When I grew up, my mother always wanted me to drink my milk. She said it would help me grow strong and healthy bones. The milk industry must have had some great commercial campaigns during the 50s and 60s, because we not only had to drink a glass of milk every morning and every night at home, but even in school we were forced to drink a bottle of milk. Looking back, I’m not sure pasteurized milk was the best thing for us, but I don’t think the cows were as contaminated with all of the growth hormones and chemicals that are used today. 

I find it amazing how advertisers can manipulate an entire generation of adults to believe in something that is supposed to be beneficial to children, when it could actually be harmful. Toothpaste is another example—or watching TV or video games. So much of what is harmful to children is packaged in the guise of good.

But there’s something far greater that is robbing our children of their health. There is a deadly disease that is harming our children, stunting, and in some cases depleting, the density of their bones. The disease that I am describing is called discouragementitis. Allow me to explain.

Would you believe it if I told you that children whose parents are professionals are exposed, on an average, to 1,500 more spoken words per hour than children in welfare homes? This means that children who are raised by parents who are professionals hear 2,153 words per hour in contrast to children from welfare homes, who hear only 616 words per hour.

It was also found in a study by Raikes et al., in “Mother-Child Bookreading in Low-Income Families,” that parents who read to their children three to six times per week had greater vocabulary gains than children read to only once or twice a week. Children who were read to every day scored even better. And children who were read to as early as 14 months had particularly beneficial gains.1

A study conducted by Hart and Risley reveals that a 4-year-old child in a professional family will have received 560,000 more instances of encouraging feedback than discouraging feedback. An average 4-year-old child in a working-class family would have accumulated only 100,000 more encouragements than discouragements, and the average 4-year-old child in a welfare family would have accumulated a shocking 125,000 more instances of discouraging words than encouraging words.2

Statistics are helpful and give us the big picture, but they often fail to explain the heart of the problem. For example, it is important not to equate welfare and income with parental effectiveness. Children who were raised by parents who were slaves in the U.S. during the days of slavery were often raised with higher morals and ethics than the children of the slave owners. So it’s not a matter of income; it’s more a matter of morals and values. And whether we find ourselves presently with the blessing of a professional career or temporarily on welfare, let’s keep in mind that our words are our greatest resource and more powerful in the raising of our children than money. Solomon, the richest man ever, reminds us that “pleasant words are as an honeycomb, sweet to the soul, and health to the bones” (Proverbs 16:24).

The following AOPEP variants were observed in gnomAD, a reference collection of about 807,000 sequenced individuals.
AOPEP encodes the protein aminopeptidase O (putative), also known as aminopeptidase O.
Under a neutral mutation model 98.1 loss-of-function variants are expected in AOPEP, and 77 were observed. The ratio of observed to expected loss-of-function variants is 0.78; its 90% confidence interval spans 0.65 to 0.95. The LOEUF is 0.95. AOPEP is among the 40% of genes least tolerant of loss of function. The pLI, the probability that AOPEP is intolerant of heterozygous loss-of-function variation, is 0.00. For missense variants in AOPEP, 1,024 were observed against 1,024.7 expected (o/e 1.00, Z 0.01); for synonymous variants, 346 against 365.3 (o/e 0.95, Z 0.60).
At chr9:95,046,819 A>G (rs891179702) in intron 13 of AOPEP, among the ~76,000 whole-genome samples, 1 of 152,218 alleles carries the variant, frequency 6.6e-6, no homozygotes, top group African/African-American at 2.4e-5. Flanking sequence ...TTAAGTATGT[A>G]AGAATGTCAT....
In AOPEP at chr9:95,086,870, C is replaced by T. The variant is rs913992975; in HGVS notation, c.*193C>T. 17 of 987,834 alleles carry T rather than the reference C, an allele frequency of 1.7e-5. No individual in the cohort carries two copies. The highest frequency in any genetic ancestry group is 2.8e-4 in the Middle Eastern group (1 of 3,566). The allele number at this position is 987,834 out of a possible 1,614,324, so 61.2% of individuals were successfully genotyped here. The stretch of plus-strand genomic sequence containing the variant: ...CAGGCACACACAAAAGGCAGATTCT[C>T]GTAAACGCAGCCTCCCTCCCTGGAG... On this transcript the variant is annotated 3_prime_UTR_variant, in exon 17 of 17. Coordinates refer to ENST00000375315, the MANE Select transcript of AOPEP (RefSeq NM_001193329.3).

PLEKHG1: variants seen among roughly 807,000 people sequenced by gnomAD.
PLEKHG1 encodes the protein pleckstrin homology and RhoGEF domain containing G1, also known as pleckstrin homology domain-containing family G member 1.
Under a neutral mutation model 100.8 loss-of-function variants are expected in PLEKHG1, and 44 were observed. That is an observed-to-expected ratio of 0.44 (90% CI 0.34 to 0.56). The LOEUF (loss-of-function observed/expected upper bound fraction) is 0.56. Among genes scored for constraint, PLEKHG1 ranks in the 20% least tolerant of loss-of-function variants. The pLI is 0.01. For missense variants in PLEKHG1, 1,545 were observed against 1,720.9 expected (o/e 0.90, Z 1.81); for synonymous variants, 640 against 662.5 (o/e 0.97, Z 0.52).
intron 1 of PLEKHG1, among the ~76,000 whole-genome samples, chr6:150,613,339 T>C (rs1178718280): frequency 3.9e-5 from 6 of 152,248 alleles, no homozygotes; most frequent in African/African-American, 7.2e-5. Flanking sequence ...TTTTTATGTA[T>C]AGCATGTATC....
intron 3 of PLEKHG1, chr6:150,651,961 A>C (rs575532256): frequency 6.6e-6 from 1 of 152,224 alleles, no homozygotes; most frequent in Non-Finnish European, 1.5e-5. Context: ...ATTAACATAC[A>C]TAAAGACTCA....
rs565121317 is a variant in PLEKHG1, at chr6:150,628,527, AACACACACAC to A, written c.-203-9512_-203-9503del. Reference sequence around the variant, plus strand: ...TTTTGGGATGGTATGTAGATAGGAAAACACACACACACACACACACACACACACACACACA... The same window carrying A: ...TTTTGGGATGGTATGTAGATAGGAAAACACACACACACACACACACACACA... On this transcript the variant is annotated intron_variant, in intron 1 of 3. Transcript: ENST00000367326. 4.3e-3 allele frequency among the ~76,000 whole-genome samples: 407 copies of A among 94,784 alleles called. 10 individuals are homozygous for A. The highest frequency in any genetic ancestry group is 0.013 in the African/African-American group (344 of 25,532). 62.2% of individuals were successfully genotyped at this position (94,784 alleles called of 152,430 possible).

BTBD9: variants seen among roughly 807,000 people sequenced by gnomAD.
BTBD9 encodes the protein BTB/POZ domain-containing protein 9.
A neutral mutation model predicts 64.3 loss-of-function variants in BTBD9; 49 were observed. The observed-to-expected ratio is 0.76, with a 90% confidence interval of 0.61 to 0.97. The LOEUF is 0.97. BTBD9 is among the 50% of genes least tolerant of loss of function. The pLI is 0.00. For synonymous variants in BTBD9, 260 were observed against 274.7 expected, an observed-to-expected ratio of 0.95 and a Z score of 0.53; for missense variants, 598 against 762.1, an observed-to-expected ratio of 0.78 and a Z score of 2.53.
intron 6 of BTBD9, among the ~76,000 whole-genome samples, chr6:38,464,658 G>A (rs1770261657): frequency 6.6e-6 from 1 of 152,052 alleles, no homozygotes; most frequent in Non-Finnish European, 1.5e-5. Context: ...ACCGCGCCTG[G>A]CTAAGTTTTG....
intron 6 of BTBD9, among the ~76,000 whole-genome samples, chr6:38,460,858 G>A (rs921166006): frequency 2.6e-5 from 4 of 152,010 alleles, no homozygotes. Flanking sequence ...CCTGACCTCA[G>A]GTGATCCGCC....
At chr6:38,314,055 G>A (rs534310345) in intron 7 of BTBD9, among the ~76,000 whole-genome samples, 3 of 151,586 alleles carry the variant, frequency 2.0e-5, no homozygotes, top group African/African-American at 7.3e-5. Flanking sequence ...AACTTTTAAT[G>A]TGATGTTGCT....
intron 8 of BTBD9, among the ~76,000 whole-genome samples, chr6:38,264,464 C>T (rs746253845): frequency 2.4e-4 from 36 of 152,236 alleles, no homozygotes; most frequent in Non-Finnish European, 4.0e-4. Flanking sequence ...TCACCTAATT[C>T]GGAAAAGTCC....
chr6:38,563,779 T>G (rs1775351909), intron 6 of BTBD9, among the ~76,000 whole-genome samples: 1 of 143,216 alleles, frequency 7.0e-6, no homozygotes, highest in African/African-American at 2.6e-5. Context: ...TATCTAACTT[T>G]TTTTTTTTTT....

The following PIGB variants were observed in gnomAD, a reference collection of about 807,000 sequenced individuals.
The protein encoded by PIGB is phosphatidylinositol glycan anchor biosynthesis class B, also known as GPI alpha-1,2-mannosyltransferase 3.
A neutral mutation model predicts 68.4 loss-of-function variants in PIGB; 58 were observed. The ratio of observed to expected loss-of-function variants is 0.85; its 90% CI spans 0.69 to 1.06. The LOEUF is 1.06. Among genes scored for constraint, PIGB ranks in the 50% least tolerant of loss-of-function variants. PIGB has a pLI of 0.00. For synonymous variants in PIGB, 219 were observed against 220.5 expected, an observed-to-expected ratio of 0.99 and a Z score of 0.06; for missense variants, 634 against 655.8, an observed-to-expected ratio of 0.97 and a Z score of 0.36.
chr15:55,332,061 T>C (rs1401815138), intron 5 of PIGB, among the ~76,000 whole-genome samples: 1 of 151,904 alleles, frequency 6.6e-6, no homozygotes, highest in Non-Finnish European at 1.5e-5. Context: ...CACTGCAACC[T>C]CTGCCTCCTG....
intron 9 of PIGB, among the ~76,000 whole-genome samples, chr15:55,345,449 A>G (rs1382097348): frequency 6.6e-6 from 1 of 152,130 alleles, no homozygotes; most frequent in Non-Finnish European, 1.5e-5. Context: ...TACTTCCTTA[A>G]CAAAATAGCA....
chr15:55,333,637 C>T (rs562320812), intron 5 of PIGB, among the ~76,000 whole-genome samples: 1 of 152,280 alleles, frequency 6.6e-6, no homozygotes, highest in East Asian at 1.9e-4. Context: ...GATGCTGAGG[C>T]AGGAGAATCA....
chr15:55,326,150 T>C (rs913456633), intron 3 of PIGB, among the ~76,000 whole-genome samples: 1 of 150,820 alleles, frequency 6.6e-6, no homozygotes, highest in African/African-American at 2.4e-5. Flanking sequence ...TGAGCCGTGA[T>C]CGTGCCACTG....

Let’s make sure what our children hear from us are words of encouragement, kindness, and life, for truly, pleasant words are health to the bones! 

Endnotes:

1. “Mother–Child Bookreading in Low-Income Families: Correlates and Outcomes During the First Three Years of Life”: Helen Raikes, Gayle Luze, Jeanne Brooks-Gunn, H. Abigail Raikes, Barbara Alexander Pan, Catherine S. Tamis-LeMonda, Jill Constantine and Louisa Banks Tarullo, Eileen T. Rodriguez. p. 927, Child Development, July/August 2006, Volume 77, Number 4, pages 924–953.

2. B. Hart & T. R. Risley, “Meaningful Differences in Everyday Experience of Young American Children,” University of Kansas, Paul H. Brookes Publishing Co., Baltimore, p. 199.

Copyright 2012, used with permission. All rights reserved by author. Originally appeared in the January 2012 issue of The Old Schoolhouse® Magazine, the trade magazine for homeschool families. Read the magazine free at www.TOSMagazine.com  or read it on the go and download the free apps at www.TOSApps.com to read the magazine on your mobile devices.

Mark Hamby is the founder and president of Lamplighter Ministries, where he serves with a dedicated staff to make Lamplighter Publishing, Lamplighter Theatre, Lamplighter Guild, Lamplighter Life-Transforming Seminars, and Lamplighter Moments Daily Radio Broadcast a reality. It is his mission to make ready a people prepared for the Lord by building Christlike character . . . one story at a time. You can read or listen to the most recent Lamplighter production at www.lamplighter.net.

Publication date: November 5, 2012